Michael White: Smuggler in Alta California

Now folks, you’ll recall that we were speculating, based on what John Kielbasa wrote in the Historic Adobes of Los Angeles County, whether or not Michael White, aka Miguel Blanco, was a smuggler. Ain’t no “maybe.” He was a self-confessed, unrepentant smuggler to the bone

Michael White’s oral history continues:

“Then Mr. [Richard] Charlton, the English Consul, had a Brig called the Dolly —he employed me to bring her to this coast as a trader, and to buy horses and send them there. My agreement with him was that if I could better myself here in California I was to stop.

I first went into San Francisco (which was not then a port of entry), where I bought two fine otter skins in exchange for a barrel of whiskey; there was an American ship belonging to Gale lying in port getting off hides. I was taking my barrel on shore in the night, and there was a man under the hides belonging to the ship whom I had not seen.

Just as the purchaser got the barrel on a pack horse, the man under the hides jumped up, the horse started, the barrel fell, stove its head in (presumably meaning the barrel’s head), the purchaser went after his horse, and I went off on board. I had the otter skins on my vessel—he lost his whiskey and I saved the skins.”

[Time out, y’all. Raven Jake was born at night, but not last night. Señor Blanco, do you really expect us to believe that you had no idea that some fella was hiding out under those hides and that he just randomly jumped out and attacked your purchaser for no reason at all? I ain’t buyin’ it…]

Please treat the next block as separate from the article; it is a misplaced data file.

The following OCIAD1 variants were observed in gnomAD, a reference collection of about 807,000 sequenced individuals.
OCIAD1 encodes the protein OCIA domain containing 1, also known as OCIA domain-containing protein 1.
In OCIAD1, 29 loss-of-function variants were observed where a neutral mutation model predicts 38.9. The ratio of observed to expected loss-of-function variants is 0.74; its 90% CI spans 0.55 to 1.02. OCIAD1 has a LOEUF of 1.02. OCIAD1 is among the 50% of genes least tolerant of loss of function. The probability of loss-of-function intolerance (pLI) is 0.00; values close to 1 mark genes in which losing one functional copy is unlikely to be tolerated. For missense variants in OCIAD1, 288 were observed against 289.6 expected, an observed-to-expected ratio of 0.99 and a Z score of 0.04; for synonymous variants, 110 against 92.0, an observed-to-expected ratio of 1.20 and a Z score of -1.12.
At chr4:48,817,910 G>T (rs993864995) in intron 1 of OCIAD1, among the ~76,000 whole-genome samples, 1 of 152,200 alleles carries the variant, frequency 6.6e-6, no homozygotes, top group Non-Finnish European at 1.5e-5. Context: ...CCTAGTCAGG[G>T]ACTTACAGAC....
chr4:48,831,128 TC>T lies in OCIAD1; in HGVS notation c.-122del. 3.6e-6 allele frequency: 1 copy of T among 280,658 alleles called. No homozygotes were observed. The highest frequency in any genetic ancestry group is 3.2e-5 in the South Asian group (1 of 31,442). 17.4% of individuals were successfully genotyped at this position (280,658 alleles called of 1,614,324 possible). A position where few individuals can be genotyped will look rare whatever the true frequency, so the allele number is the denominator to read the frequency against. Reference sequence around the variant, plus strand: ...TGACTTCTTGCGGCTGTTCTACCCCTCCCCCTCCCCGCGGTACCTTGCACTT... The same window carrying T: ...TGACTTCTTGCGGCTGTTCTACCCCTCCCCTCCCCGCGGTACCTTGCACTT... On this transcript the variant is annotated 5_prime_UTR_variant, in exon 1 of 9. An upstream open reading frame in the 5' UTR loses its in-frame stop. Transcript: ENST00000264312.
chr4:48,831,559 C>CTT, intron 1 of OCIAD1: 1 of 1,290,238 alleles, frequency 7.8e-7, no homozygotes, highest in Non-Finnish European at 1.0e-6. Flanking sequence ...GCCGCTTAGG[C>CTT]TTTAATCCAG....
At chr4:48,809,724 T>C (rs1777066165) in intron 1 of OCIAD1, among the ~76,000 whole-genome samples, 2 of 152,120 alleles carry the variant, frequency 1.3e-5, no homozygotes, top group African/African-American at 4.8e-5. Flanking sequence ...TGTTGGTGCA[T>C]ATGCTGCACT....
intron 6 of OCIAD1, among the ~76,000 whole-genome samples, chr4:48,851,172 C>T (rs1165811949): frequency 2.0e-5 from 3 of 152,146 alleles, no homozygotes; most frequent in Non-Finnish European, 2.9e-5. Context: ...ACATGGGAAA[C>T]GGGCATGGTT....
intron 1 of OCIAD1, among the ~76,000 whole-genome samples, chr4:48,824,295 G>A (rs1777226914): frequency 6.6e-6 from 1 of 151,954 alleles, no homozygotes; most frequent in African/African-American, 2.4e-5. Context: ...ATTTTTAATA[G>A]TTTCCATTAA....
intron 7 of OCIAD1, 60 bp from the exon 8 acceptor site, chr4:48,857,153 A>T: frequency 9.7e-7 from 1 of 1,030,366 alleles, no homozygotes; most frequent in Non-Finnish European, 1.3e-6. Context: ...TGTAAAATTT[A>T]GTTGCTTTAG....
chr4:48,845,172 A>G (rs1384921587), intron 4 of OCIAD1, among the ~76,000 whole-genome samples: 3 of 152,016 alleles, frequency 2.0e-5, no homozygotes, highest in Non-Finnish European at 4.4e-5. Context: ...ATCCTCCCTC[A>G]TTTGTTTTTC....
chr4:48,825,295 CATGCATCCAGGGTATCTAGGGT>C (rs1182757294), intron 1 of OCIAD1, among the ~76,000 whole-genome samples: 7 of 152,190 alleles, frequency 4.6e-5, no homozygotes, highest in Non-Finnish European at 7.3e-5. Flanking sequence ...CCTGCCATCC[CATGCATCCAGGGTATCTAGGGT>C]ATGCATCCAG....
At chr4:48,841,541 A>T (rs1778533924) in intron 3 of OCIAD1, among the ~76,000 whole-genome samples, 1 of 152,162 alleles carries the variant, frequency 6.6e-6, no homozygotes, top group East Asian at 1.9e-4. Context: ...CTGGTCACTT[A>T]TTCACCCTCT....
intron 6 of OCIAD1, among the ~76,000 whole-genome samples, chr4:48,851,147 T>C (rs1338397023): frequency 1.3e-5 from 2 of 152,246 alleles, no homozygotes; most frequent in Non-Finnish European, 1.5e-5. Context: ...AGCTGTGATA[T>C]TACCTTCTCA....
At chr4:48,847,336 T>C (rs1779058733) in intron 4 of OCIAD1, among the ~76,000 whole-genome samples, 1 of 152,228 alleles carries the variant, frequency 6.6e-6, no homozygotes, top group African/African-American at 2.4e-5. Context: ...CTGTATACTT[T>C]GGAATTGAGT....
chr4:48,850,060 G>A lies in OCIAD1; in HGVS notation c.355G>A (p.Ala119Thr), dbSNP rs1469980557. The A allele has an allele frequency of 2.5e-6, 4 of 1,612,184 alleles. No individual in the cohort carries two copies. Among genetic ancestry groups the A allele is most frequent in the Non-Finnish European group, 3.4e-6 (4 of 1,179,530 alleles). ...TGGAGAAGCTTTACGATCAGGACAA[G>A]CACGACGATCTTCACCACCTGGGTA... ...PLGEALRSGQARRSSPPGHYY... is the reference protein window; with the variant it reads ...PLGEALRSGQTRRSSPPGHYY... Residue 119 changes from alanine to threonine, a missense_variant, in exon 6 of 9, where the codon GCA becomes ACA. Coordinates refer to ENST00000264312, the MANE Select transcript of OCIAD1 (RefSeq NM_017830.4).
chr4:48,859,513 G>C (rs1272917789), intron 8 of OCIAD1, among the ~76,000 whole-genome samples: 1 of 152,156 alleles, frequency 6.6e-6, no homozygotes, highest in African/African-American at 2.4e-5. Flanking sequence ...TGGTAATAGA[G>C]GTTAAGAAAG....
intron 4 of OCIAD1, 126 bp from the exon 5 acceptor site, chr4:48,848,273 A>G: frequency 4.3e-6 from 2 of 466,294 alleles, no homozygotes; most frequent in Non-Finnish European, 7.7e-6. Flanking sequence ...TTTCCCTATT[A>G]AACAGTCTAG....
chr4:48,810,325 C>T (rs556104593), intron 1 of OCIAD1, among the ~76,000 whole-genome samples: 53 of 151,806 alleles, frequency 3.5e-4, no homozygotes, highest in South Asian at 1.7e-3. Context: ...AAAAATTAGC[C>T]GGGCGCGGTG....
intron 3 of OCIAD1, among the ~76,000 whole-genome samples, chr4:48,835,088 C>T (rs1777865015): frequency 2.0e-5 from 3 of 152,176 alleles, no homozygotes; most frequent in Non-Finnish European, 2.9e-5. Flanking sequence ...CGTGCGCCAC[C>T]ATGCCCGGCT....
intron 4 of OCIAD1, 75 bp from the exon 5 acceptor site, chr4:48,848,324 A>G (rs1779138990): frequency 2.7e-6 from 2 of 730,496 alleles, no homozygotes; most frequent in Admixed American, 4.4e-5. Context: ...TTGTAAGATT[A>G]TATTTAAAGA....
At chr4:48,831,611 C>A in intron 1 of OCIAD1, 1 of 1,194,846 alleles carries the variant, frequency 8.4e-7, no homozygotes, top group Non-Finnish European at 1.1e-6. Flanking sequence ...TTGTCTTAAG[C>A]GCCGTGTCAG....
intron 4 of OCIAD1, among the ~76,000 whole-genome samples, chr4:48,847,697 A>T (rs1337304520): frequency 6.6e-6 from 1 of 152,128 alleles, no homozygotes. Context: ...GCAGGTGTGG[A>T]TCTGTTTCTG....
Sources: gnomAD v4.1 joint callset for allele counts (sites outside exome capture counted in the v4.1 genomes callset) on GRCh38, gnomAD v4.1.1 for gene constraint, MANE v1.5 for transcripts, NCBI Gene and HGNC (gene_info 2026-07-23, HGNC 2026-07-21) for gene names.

The next morning the sailors went after the hides, saw the whiskey and got drunk. In a short time I could see 10 men drunk and fighting. I stood there and laughed, but knew well it was no time to stay there. I up anchor and started for Monterey, stowed away all the costly things where they could not be easily discovered by the government officers.

Entered there and a Custom House officer was put on board of me to prevent my smuggling. He was José Castro, who afterwards was so prominent in California history. As soon as we got off Punto de Pinos, José Castro came to me and said “Well, mi capita´n, with the little that the Government gives me, and the little that you will give me, will make me a pretty good salary, won’t it be so?” I answered yes, and we understood one another. He never saw me smuggle. Whenever I had anything of that kind to do, he went down into the cabin and attacked the bottle of liquor. We were very good friends from that time to the day of his death.

I left the Brig in Santa Barbara and sent her back to Sandwich Islands [Hawai’i], with 60 heads of horses. That was in 1828 in the month of August, don’t remember the day.”

There’s a little footnote to that, in that White’s buddy H.D. Barrows wrote, “In 1828, as captain of his own vessel, the Dolly, he [White] engaged in the coasting trade, visiting Bodega, then occupied by the Russians, and from thence coming to San Francisco, Monterey, Santa Barbara, San Pedro and San Diego, and then back to Santa Barbara, where he went ashore to stay. Here he bought sixty-four horses, which the Dolly, in charge of the mate, took to the Sandwich Islands.”

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~ by ravenjake on December 28, 2009.

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